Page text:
Homeschool Spring 2019

Wednesdays, 1 to 3 PM

Single Sessions – May 8 & 15, 2019
4-Week Session – May 22 to June 12, 2019

Tuition: $15 per class ($60 for 4-week session)

About the Program

We have offered the science and agriculture education program for Homeschool students at Cedar Circle Farm every spring and fall since the program’s inaugural year in 2015. Our farm is an incredible outdoor classroom with our production fields, forested areas, orchard, and riparian area along the Connecticut River.

Together with our highly-qualified instructors, students ages 6-11 share the experience of exploring, discovering and learning the concepts together in order to gain a deeper, scientific understanding of agriculture and ecology. Our approach utilizes hands-on activities, inquiry-based investigations, games, and experiments. Journals are provided each semester for students to take notes or draw observations if they wish and to complete short weekly review assignments. Read more about our educational approach here.

*If after the first class you feel the program is not a good fit for your child, you may be reimbursed $50. No reimbursements will be made after the second class of the session.

If you have any questions, email Meredith Rivlin or please call us at (802) 785-4737.

​Open House

An open house will be held on May 1, 2019 from 1 to 3 PM. Come explore the farm with Meredith, our new Education Programs Manager, and learn more about our approach to teaching.

Single session – May 8

View the learning objectives

Friend or Foe? – The farm is teeming with life—some organisms are friends of farmers, and others do a great deal of damage to crops. In this class, we’ll explore the intricate relationships between pests, beneficials, and the crops they impact. We’ll also learn how to promote beneficials and several Integrated Pest Management approaches employed by organic farmers.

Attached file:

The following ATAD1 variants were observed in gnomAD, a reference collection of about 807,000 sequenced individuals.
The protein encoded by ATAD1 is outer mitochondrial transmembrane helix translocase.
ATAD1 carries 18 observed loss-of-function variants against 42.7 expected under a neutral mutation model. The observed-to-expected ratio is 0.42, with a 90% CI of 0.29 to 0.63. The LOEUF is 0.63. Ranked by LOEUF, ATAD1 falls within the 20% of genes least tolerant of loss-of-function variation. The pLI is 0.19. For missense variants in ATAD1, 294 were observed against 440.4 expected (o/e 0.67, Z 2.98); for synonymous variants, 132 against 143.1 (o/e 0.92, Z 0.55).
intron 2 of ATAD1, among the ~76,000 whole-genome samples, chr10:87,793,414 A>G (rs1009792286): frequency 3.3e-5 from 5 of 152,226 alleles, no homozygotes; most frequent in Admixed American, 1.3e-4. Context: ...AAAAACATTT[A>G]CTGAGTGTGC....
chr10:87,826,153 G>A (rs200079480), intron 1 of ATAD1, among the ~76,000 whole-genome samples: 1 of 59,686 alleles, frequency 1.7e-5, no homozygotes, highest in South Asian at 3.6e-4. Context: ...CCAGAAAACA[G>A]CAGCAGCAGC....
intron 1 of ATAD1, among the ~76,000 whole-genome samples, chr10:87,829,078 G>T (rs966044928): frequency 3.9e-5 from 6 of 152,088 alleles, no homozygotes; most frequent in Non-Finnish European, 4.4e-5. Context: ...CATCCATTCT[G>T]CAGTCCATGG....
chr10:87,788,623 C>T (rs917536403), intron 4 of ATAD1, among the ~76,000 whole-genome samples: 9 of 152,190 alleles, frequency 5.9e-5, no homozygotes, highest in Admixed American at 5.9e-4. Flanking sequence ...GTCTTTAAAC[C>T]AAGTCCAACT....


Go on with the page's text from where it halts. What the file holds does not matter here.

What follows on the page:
Single session – May 15

View the learning objectives

Zooming in on Decomposition – There is a whole ecosystem involved in decomposing an apple core. In this class, we’ll zoom in to take a closer look at the web of energy involved in breaking down organic matter and figure out where that energy goes. Students will also leave knowing how to build their own worm bin at home to watch their own food scraps decompose. This is a follow-up lesson to the one offered in Fall 2018 but it is not required to have participated in the previous class.

4-week session – May 22 to June 12

View the learning objectives

Nutrients in the Soil (May 22) – We’re always told that fruits and vegetables are good for us, but have you ever wondered why? In this class we’ll investigate how all of those nutrients got into our fruits and vegetables and will make connections between healthy soil, healthy plants, and healthy people. Student scientists will conduct their own experiments to determine how nutrients added to the soil affect plants and how those, in turn, affect us.

What’s in a Watershed? (May 29) – In this class, we’ll follow a single water drop along the water cycle as it moves through the local watershed. Beyond exploring where their water comes from and goes to, students will learn about human impacts to the water in their own backyard and ways to keep it safe for all of the organisms who rely on it. This is a follow-up to the lesson to the one offered in Fall 2018 but it is not required to have participated in the previous class.

Focus on Nutrition (June 5) – This class focuses on empowering students to make their own choices when it comes to what they snack on. We will compare and contrast organic and conventional foods that we might find in the grocery store and focus on making nutritious choices to nourish our bodies. This class will also involve a cooking project.

6 Plant Parts (June 12) – In this class, we’ll take a closer look at plant anatomy and function by focusing on 6 main plant parts, from roots to fruits. The class will also involve a cooking challenge to incorporate all six plant parts in a recipe and will help students develop observational skills to be able to recognize these plant parts in the grocery store.